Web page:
Theodoros Kolokotronis (Θεόδωρος Κολοκοτρώνης; 3 April 1770 – 4 February 1843) was a Greek general and the pre-eminent leader of the Greek War of Independence (1821–1829) against the Ottoman Empire. Kolokotronis's greatest success was the defeat of the Ottoman army under Mahmud Dramali Pasha at the Battle of Dervenakia in 1822. In 1825, he was appointed commander-in-chief of the Greek forces in the Peloponnese. Today, Kolokotronis ranks among the most revered of the protagonists of Greece's War of Independence. Kolokotronis returned to the mainland just prior to the outbreak of the war (officially, 25 March 1821) and formed a confederation of irregular Moreot klepht bands. These he tried to train and organize into something resembling a modern army. In May, he was named archistrategos or commander-in-chief. He was already 50 years old by this time, a fact which contributed to his sobriquet O Geros tou Morea or "The Elder of Morea," whereby Morea was another name describing thePeloponnese. Kolokotronis's first action was the defense of Valtetsi, the village near Tripoli where his army was mustering. Later, he was also the Commander of the Greek forces during the Siege of Tripolitsa. The Siege of Tripolitsa or the Fall of Tripolitsa(Άλωση της Τριπολιτσάς) to Greek rebels in the summer of 1821 marked an early victory in the Greek War of Independence against the Ottoman Empire, which had begun earlier in that year. It is further notorious for the massacre of its Muslim and Jewish population — the Massacre of Tripolitsa, which occurred after the city's fall to the Greek forces. As historian of the war W. Alison Phillips noted, "the other atrocities of Greeks paled before the awful scenes which followed the storming of Tripolitza". Although the siege had been going on for several months, its progress was slow, as the Greeks were unable to maintain a tight blockade and were often scattered by sorties of Turkish cavalry. While during the early stages of the siege, the Ottoman garrison could sortie and forage for supplies, after the Battle of the Trench in August this was no longer possible, and the blockade became much more tight. Conditions were worsening inside the walls for scarcity of food and potable water. Taking advantage of this, Kolokotronis began quiet negotiations with the leaders of the besieged, aiming at an orderly capitulation. He wisely convinced the Albanian contingent led by Elmas Bey to make a separate agreement for safe passage to Argos, thereby greatly reducing the strength of the defenders. The deal itself was guaranteed by Dimitrios Plapoutas, the renowned Koliopoulos. The city was taken before the 2,500 Albanian had departed, but still they had a safe passage out of the Peloponnese a few days after the fall. Greek leaders were in constant contact with the Ottoman defenders in negotiations, but without much coordination. The successive petitions of the remaining Ottoman defenders for a truce were, in the end, regarded by the besiegers as a temporizing ruse, in an ultimately hopeless anticipation of Ottoman reinforcements. In anticipation of the fall of the city, by September 22, about 20,000 Greeks had gathered around it. On September 23, the Greek army broke in through a blind spot in the walls, and the town was completely overrun quickly. The fortified citadel in it surrendered three days later for lack of water. The capture of the city of Tripolis had a salutary effect in the morale of the revolutionaries. After this event, Greeks saw that their way towards victory was possible, the entire Peloponnese bearing hardly any trace of Ottomans anymore. On the other hand, it also marked the first strong point of discord in a previously apparently cohesive force, since the atrocities committed during the siege were at the time strongly decried and criticized by some Phanariote figures of the Greek War of Independence such as Dimitrios Ypsilantis and Alexandros Mavrokordatos,. The residual bitterness over the ultimate disposition of the spoils, along with generalized anarchy following the fall of the city, emphasized the divergent perspectives between the Peloponessian chieftains (military faction) and the intellectual mentors of the uprising (political faction). In time, these would develop into an internal conflict, and, later on, civil wars, within the same struggle for independence. After the fall of Tripolitsa, which resulted in the massacre of its Muslim and Jewish population, he entered the town and they showed him a plane tree in the market-place where the Turks were hanging the Greeks and he ordered it to be cut down. He next commanded Greek troops in the siege of the coastal town of Nafplion. He took the port, and the Ottoman garrison in the town's twin citadels was running low on supplies, but the disorganized Greek provisional government at Argos, just to the north, could not complete negotiations for its surrender before a large Ottoman force began marching southward to crush the revolutionaries. Panicked, government officials abandoned Argos and began evacuations by sea at Nafplion. Only an under-strength battalion under Demetrios Ypsilantis remained to hold Larissa castle, the fortress of Argos. Kolokotronis gathered the klephts together to march to the relief of Ypsilantis. This was quite a feat in itself, considering the near-collapse of the government and the notoriously quarrelsome nature of the klephtic bands. Even the troublesome Souliotes lent a hand. The Ottoman army from the north commanded by Mahmud Dramali Pasha, after taking Corinth, had marched to the plain of Argos. The castle of Larissa was an excellent position, commanding the whole plain. To leave such a stronghold straddling Ottoman supply lines was far too dangerous. Dramali would have to reduce the fortress before moving on. Scaling the cliffs, breaching the castle's stout walls and overcoming its resolute defenders would be no easy task. Yet, there was one weakness Dramali was unaware of: Larissa, unlike the famous Acropolis in Athens, had no spring and consequently fresh water had to be supplied from cisterns. Unfortunately for the Greeks, it was July and no rains were falling to fill the cisterns. Ypsilantis bluffed the Ottomans as long as he could, but towards the end of the month had to sneak his men out in the middle of the night. Dramali's men plundered the castle the next day, and he was now free to march them toward the coast to resupply (the Greeks had pursued a scorched earth policy, and the large Ottoman force was eating through its food supplies rather quickly). Ypsilantis's defense had bought Kolokotronis and the klephts valuable time. To his dismay, Dramali found himself cut off from his supply fleet, which had intended to land at Nafplio but was successfully blockaded by the Greek fleet under Admiral Andreas Miaoulis. Dramali reluctantly decided upon a retreat toward Corinth through the Dervenaki Pass, through which he had just come unmolested. This was exactly what Kolokotronis had been hoping for. In August 1822, his quicker-moving guerrilla forces trapped the Ottomans in the pass and annihilated them in the Battle of Dervenakia. A devastated Sultan Mahmud II in Constantinople was forced to turn to Muhammad Ali, ruler of the nominally Ottoman pashaluk of Egypt, for help. The Greeks resumed the siege against the fortresses at Nafplio, which fell in December. Kolokotronis is said to have ridden his horse up the steep slopes of Palamidi to celebrate his victory there; a statue in the town square commemorates the event. He is attired in the pseudo-Classical uniform of the Greek Light Infantry, which he was fond of wearing. Ibrahim Pasha (1789 – November 10, 1848) was the eldest son of Muhammad Ali, the Wāli and unrecognised Khedive of Egypt and Sudan. He served as a general in the Egyptian army that his father established during his reign, taking his first command of Egyptian forces when he was merely a teenager. In the final year of his life, he succeeded his still living father as ruler of Egypt and Sudan, due to the latter's ill health. His rule also extended over the other dominions that his father had brought under Egyptian rule, namely Syria, Hejaz, Morea,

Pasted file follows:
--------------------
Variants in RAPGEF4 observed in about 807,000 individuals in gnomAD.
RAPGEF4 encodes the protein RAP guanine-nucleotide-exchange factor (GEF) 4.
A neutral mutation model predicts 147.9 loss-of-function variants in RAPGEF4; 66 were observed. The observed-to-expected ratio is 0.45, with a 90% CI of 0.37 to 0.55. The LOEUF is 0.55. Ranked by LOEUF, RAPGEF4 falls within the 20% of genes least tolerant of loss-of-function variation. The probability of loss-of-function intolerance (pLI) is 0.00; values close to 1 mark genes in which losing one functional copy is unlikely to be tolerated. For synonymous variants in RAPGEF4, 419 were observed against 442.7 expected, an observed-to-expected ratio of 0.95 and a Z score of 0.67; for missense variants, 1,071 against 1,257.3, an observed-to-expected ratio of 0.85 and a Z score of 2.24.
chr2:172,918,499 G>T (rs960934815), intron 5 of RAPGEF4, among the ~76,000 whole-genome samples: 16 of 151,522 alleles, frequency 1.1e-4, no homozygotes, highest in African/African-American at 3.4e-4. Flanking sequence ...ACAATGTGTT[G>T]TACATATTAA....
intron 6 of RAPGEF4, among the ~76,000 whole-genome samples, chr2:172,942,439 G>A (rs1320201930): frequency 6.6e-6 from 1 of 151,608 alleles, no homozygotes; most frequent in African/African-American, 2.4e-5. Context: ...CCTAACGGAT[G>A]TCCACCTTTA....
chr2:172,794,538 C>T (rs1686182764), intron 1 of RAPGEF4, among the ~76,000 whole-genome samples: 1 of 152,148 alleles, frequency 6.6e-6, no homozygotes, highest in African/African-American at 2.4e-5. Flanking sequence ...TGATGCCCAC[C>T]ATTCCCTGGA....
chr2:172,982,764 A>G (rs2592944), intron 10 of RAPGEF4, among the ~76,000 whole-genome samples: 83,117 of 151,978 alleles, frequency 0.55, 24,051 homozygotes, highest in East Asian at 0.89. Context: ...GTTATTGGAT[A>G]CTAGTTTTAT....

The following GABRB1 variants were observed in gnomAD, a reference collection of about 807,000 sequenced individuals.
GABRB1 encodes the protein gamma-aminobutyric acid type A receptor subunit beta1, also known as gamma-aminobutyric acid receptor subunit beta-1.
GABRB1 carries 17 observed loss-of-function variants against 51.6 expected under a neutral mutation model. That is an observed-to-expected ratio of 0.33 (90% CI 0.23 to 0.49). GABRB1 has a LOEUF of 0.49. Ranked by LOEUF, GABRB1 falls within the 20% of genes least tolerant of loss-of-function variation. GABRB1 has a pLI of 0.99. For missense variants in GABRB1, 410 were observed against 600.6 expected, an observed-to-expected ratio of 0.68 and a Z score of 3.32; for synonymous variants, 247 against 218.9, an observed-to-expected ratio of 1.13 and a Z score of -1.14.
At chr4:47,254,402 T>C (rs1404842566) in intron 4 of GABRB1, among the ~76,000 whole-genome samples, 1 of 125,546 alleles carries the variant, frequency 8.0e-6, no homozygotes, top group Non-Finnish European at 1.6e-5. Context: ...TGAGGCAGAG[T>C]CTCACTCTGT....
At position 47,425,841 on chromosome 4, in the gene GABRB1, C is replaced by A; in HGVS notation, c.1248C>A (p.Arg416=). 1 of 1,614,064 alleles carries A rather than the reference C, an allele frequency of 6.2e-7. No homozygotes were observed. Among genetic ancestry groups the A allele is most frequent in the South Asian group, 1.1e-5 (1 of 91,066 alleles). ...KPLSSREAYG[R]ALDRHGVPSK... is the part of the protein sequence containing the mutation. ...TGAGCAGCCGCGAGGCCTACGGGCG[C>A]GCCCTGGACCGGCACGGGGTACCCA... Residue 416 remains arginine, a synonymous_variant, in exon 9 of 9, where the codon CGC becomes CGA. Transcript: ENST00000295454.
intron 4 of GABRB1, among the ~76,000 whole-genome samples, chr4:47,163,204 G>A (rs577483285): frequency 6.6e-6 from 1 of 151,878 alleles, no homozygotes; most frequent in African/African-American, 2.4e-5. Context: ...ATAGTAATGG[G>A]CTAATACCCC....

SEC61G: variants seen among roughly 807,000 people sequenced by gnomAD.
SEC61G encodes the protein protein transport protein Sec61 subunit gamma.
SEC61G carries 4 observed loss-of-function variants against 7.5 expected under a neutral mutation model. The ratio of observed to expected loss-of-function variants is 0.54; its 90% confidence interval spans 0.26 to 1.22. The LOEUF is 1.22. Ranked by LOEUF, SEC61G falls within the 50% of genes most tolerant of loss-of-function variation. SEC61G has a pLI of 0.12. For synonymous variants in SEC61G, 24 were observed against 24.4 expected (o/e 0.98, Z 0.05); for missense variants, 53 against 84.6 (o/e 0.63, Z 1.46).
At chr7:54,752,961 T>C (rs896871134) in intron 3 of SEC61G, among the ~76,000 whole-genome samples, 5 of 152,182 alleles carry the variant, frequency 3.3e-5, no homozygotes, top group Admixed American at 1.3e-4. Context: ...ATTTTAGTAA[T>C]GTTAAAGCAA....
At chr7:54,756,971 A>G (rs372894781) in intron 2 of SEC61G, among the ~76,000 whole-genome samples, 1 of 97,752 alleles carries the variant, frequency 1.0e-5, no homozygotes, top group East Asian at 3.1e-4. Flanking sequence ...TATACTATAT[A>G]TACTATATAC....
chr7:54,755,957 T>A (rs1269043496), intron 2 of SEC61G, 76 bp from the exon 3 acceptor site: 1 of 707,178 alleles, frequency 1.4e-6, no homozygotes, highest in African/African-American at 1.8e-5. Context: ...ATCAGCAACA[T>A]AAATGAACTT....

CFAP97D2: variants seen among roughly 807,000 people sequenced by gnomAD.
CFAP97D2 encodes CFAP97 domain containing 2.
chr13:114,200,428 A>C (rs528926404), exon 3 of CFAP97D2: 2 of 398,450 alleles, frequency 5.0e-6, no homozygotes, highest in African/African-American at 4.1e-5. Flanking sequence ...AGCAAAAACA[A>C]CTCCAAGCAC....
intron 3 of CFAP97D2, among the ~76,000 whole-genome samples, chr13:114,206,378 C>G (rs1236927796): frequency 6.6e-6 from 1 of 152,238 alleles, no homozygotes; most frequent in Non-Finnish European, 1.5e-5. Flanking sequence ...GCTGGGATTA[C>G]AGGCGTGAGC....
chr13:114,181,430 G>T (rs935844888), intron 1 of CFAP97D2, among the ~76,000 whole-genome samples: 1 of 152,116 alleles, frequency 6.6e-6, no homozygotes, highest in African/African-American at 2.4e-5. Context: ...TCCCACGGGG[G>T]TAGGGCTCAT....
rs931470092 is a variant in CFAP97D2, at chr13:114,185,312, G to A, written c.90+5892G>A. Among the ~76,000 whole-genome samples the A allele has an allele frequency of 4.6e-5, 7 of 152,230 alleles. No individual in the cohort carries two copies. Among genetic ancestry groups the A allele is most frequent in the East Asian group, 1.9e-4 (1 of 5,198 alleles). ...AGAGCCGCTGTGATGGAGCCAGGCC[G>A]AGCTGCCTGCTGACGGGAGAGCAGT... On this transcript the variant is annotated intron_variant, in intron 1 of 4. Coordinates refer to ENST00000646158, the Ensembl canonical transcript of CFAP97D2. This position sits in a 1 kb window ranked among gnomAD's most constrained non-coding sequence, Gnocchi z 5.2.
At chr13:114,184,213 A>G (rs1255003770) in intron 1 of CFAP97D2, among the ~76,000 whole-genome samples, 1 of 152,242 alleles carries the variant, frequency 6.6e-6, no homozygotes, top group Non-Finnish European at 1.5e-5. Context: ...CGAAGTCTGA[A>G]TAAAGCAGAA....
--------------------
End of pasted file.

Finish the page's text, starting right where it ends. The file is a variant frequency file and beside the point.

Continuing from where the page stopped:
Thasos, and Crete. Ibrahim pre-deceased his father, dying 10 November 1848, only four months after acceding to the throne. Upon his father's death the following year, the Egyptian throne passed to Ibrahim's nephew (son of Muhammad Ali's second oldest son), Abbas. Ibrahim remains one of the most celebrated members of the Muhammad Ali dynasty, particularly for his impressive military victories, including several crushing defeats of theOttoman Empire. Among Egyptian historians, he, along with his father, Muhammad Ali, his son, Ismail the Magnificent, and his great-grandson Abbas II, is held in far higher esteem than other rulers from the dynasty, who were largely viewed as indolent and corrupt. Today, a statue of Ibrahim occupies a prominent position in Egypt's capital, Cairo. In 1824, Muhammad Ali was appointed governor of the Morea (the Peloponnese peninsula in southern Greece) by Ottoman Sultan Mahmud II. Mahmud actually required the assistance of the well-trained Egyptian army against the contemporary Greek Revolution, which his forces had been unable to quell: in 1822, the Greeks had decisively defeated an army of some 30,000 men under Ibrahim's cousin, Mahmud Dramali Pasha. Ibrahim was sent to the Peloponnese with a squadron and an army of 17,000 men. The expedition sailed on July 4, 1824, but was for some months unable to do more than come and go between Rhodes and Crete. The fear of the Greek fire ships stopped his way to the Morea. When the Greek sailors mutinied from want of pay, Ibrahim was able to land at Modon on February 26, 1825. He remained in the Morea until the capitulation of October 1, 1828 was forced on him by the intervention of the Western powers. The Battle of Maniaki was fought on June 1, 1825 in Maniaki, Greece (in the hills east of Gargalianoi) between Egyptian forces led by Ibrahim Pasha and Greek forces led by Papaflessas. Papaflessas provided an eloquent speech that enhanced the morale of the remaining Greeks that decided to stay and fight. As the Arabs in Ibrahim's army attacked, the Greeks held their positions staunchly but were eventually overwhelmed. Ultimately, a large part of the remaining Greeks including Papaflessas and 400 Arabs perished in the aftermath of the battle. Despite the defeat of Papaflessas, the battle itself helped to change and strengthen the declining morale of other Greeks who contributed to the independence movement. Ibrahim Pasha defeated the Greeks in the open field, and though the siege of Missolonghi proved costly to his own troops and to the Ottoman forces who operated with him, he brought it to a successful termination on April 24, 1826. But he was defeated in Mani three times in a row. The Greek guerrilla bands harassed his army, and in revenge he desolated the country and sent thousands of the inhabitants into slavery in Egypt(3.000 finally). These measures of repression aroused great indignation in Europe and led to the intervention of the naval squadrons of the United Kingdom, the Restored Kingdom of France and Imperial Russia in the Battle of Navarino (October 20, 1827). Their victory was followed by the landing of a French expeditionary force in the so-called Morea expedition. By the terms of the capitulation of October 1, 1828, Ibrahim evacuated the country.